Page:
They sold two routes to fund their simultaneous investment in Cantaloupe's Seed platform and USA Technologies' ePort credit and debit card readers. Compuvend's software integrated seamlessly with Cantaloupe's Seed platform, making the transition a smooth one. However, Diversified recently switched to Cantaloupe's new Seed Office back-office software.
Wireless access to item-level machine data enabled the company to consolidate its four remaining routes into two by allowing it to dynamically schedule when to stock and service machines, rather than visiting locations on a set schedule.
Like Oklahoma's Imperial Vending, Diversified has employed Seed's remote machine monitoring technology to centralize control of machine merchandising and move to prekitting product in the warehouse for the next day's deliveries, based on up-to-the-minute sales data from each machine.
"It's about control over day-to-day sales," said Pat Nuzzolillo Jr. "When you think of all the little items that float around on the truck, in the warehouse and in the machines, they turn into cash when you gain control."
Nuzzolillo added that gaining the ability to track item-level data in real time to gauge what's selling, and ensure that the most popular products are fully stocked, has had a significant impact on lifting overall sales. "Our drivers are grossing close to three times more since installing the Seed devices. It's driven sales in a tough economy," he said. "We've seen close to 30% more in same-store sales by adjusting inventories and par levels, and by watching trends and responding."
The company pulls an item if it doesn't sell in one cycle, and moves it to another account. "We reinventory and reissue products to other customers in seven to 10 days; people are often excited to see a new item, and it may work better in that location," he told VT. "Having real-time knowledge of what's happening in the machine helps us eliminate outdated product and waste and grow top-line sales with the items customers want most."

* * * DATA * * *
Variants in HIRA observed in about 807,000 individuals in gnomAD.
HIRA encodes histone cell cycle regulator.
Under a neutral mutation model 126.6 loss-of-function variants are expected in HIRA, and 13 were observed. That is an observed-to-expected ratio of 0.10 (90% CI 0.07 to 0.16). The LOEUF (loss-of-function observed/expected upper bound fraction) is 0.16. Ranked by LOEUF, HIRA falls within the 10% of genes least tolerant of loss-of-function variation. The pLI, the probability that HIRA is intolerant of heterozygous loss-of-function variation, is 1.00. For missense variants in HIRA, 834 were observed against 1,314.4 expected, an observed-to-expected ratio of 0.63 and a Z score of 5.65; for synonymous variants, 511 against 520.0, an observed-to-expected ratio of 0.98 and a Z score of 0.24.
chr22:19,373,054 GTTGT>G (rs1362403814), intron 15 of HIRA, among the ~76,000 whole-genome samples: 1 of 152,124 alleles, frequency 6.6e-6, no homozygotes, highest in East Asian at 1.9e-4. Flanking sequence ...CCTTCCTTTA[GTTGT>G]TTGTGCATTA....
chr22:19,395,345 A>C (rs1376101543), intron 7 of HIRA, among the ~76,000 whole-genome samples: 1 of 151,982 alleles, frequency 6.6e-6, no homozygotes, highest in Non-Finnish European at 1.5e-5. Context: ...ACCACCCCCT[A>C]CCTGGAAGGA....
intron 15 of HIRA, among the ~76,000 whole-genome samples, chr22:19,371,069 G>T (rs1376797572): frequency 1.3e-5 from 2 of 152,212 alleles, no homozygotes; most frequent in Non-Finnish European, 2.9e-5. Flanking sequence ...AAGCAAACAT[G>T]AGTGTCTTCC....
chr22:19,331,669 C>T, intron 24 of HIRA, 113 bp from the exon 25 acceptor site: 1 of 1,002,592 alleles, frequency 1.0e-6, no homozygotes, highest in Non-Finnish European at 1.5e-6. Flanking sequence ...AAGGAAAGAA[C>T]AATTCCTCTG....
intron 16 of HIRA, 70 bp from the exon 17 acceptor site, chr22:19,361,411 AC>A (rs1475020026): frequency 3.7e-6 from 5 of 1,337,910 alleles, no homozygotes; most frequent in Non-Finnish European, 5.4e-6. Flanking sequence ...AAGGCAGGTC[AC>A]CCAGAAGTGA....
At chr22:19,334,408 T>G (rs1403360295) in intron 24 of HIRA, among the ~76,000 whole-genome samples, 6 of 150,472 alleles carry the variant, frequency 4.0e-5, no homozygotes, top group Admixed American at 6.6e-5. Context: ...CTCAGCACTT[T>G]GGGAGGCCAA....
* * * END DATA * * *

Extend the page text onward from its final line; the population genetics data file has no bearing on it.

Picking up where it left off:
Cashless purchases have also contributed to the sales increases, Nuzzolillo pointed out. "We have been able to vend higher-priced items, like peg candy, beef jerky and upscale dried fruit snacks," he said. "We are maxing out our price points at as high as $4. We couldn't do that without card readers."
In general, at machines where Diversified has added credit and debit card acceptance, cash sales have remained the same or increased, and credit card sales have been incremental and continue to climb.
Photo | NUTS, BOLTS AND NETWORKS: Pat Nuzzolillo Jr. installs telemetry equipment on vending machine before it's delivered to a location. Dynamic scheduling powered by technology has cut the number of Diversified Vending's routes in half and more than doubled average sales of each;its larger route grosses $17,000 a week.
"We have never seen numbers so staggering," said the operator. "From the beginning of the year to today, credit and debit sales have grown 50% to 60% and continue to grow. And they're additional sales we weren't making before. I think consumers have more faith in using machines when they see that the operator is willing to invest in card readers, and the blinking lights on the display breathe new life into the machines."
Nuzzolillo has found -- in line with Imperial Vending's experience -- that cashless payment is playing a growing role in its ability to improve the quality of its fresh food offerings so they will command a higher price.